Behar-Behukotai 5778: Theology as Meteorology

Imagine if your weather app displayed not images of sun and clouds, but icons of good and evil, like this:  ☹. Each city might have a virtue index—with the weather forecast tracking not the jet stream but morality, indicated by a friendly or fierce face. City X has been charitable, so they can expect light rains followed by sunny skies, but City Y has seen an uptick in violent crime, so it is in for a drought or hurricane. Such a system sounds absurd, and yet it is basically what the Torah presents as a theology of weather.

Our second portion, Behukkotai, opens with the prediction that if we follow God’s laws, then God will “grant your rains in their season, so that the earth shall yield its produce and the trees of the field their fruit” (Lev. 26:4). If we do not obey God and do not observe God’s commandments, then “I will make your skies like iron and your earth like copper, so that your strength shall be spent to no purpose. Your land shall not yield its produce, nor shall the trees of the land yield their fruit” (Lev. 26:19–20).

Rabbinic literature has preserved numerous legends that correlate rainfall to virtue, none of them more famous or entertaining than the legends of Honi the circle drawer (Mishnah Ta’anit 3:8; JT Ta’anit 66d; BT Ta’anit 22b-23; Megillat Ta’anit Scholion, etc.). During a severe drought, the people ask him to pray for rain, and he does, initially without results. Then, when he persists, God delivers a measly drizzle; he persists further, and a deluge follows. Finally, Honi stands in a circle and demands that God send rains for a blessing. It works, but he is chastised by a rabbinic colleague for his insolence. Never mind, Honi is a favorite of God, and of Jewish children everywhere.

Even within the premises of this climate theology something has always struck me as odd. Rainfall affects entire regions. Why should Israel’s neighbors be blessed or cursed along with Israel? The prophet Amos addressed this with a prediction that rain could fall on one village, or even one section of it, and not the other, in order to indicate divine pleasure or censure (Amos 4:7). The Rabbis offered a more expansive theory—the conduct of Israel determines the climate of all. The appendix (or scholion) to Megillat Ta’anit connects the legend of Honi to the blessing of Abraham: All families of earth will be blessed through you (Gen. 12:3). In other words, the actions of the few can affect the many. If Abraham and his descendants act righteously, then the entire world will prosper, but if they are evil, then there will be no limit to our woes. Could this be true?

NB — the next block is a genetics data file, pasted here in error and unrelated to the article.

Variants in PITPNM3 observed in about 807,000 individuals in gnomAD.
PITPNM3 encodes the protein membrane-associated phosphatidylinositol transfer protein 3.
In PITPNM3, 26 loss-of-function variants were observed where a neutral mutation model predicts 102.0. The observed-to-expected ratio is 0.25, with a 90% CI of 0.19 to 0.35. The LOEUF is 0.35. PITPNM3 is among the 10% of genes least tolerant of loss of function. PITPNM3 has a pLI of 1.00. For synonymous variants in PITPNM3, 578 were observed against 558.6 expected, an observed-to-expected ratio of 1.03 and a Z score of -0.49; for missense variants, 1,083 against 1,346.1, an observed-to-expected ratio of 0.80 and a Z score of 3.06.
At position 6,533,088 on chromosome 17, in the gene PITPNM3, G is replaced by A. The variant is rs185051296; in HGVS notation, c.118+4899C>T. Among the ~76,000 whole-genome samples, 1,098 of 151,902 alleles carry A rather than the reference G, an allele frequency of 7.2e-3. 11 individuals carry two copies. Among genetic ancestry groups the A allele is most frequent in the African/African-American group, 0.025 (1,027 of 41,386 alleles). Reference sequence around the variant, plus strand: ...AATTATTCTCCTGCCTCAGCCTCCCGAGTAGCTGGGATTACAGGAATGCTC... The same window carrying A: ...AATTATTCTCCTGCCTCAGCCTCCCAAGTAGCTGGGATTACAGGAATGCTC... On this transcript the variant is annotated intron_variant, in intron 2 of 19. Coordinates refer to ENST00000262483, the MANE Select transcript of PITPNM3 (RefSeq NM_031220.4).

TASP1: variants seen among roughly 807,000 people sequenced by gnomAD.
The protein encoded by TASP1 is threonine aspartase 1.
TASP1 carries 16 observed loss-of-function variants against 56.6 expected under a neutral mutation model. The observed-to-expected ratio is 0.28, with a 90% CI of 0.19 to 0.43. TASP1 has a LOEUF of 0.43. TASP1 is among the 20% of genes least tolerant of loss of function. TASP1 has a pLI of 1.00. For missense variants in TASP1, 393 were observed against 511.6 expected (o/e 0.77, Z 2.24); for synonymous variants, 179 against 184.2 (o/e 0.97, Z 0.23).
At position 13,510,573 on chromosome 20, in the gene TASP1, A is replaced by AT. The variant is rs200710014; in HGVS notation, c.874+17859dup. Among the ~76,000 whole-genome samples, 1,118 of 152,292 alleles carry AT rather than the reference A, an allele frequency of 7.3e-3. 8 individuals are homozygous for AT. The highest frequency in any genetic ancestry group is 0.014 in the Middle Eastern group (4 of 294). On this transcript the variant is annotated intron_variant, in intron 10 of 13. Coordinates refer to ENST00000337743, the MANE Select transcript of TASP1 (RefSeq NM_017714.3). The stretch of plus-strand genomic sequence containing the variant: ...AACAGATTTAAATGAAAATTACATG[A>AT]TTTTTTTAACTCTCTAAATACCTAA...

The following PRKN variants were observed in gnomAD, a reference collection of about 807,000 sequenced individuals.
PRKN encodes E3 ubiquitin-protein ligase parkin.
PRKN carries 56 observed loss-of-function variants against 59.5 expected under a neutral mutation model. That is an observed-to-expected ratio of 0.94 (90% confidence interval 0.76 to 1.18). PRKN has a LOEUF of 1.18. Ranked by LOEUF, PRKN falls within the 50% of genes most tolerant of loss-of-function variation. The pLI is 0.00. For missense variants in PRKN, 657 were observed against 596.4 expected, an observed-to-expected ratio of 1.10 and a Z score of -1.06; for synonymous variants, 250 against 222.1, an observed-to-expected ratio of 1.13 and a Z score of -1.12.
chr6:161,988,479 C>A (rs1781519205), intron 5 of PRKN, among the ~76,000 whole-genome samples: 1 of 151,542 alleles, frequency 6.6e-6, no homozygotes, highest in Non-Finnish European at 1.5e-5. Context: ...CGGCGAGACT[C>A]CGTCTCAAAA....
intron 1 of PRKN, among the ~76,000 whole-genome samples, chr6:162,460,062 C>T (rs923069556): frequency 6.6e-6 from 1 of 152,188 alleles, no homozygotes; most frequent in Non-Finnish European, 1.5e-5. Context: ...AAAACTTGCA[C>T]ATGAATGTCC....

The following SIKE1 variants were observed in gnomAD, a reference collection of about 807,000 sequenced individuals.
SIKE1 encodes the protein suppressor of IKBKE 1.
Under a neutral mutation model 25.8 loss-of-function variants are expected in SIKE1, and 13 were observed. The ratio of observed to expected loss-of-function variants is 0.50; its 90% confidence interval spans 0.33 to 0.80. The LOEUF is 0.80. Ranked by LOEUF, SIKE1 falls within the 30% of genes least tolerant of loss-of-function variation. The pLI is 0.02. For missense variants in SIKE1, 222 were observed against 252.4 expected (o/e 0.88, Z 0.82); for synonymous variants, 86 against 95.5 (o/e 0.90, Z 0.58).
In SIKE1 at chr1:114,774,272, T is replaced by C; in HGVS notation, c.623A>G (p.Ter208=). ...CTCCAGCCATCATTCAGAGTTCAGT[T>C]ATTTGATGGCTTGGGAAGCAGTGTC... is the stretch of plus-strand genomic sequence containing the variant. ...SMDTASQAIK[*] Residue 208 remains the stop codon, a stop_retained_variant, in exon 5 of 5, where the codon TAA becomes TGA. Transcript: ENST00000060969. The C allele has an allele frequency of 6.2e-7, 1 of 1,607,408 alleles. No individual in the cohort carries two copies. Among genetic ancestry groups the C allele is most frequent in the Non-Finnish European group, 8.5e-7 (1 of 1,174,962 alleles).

We are living in a time of rapid climate change; the scientific consensus is that humans are causing much of the change, affecting not only ourselves, but the entire biosphere. Plants and animals, bacteria and viruses, and even the physical contours of the land and sea are all changing because of our conduct. Not every change is bad, of course. Longer growing seasons farther from the equator may allow farmers to grow more food. But most of the changes will be devastating, with rising seas imperiling billions of people living at lower elevations, and many other related horrors. The discrete actions of individuals when combined can cause consequences for all organisms that live on earth.

When I was younger, I was sympathetic to the liberal critique of the second paragraph of the Shema (Deut. 11:13–21). That paragraph integrates the same theology of meteorology into our liturgy—if you behave, then the rains will arrive in their due season, but if not, then watch out—the skies will become your enemy, the earth will become barren and you will perish swiftly from the good land that the Lord has given to you. This struck me as mythological and simplistic—as if global weather systems could be explained by the moral conduct of the people of Israel. I understood why the Reform movement deleted this paragraph, though having left Reform Judaism before my bar mitzvah and entered a series of Conservative camps and Orthodox yeshivot, I continued to say these words from a sense of duty.

As I grow older and more aware of the complex climate systems of our planet, I have come to feel that these sentences of the Shema are more important than anything else found in the prayer. We ought to guard our conduct carefully, acting with virtue and avoiding vice, or else the consequences will be severe. “Virtue” and “vice” today have everything to do with the climate. People who act with wanton disregard, wasting resources, polluting air, land and sea, are guilty of ruining the world for everyone. I realize that there are religious people who believe that God will always clean up our messes, but this strikes me as the height of ingratitude. People who act responsibly, reducing, recycling, and reusing their resources, are the truly religious, respecting the magnificent gift of life on earth.

The book of Job includes a taunt from God, “Do you know the laws of heaven?” (Job 38:33). The word for “laws” (hukot) is the same word as in our parashah’s title, Behukkotai. Job wonders if humanity can ever understand God’s laws of nature, but Leviticus demands that we at least act as if we do. This explains the true virtue index of climate change—if we act in partnership with God, then the natural resources of our world will continue to flourish, and we will be blessed upon the good land that is our only home.

Originally published on jtsa.edu. The publication and distribution of the JTS Commentary are made possible by a generous grant from Rita Dee (z”l) and Harold Hassenfeld (z”l).

 

 

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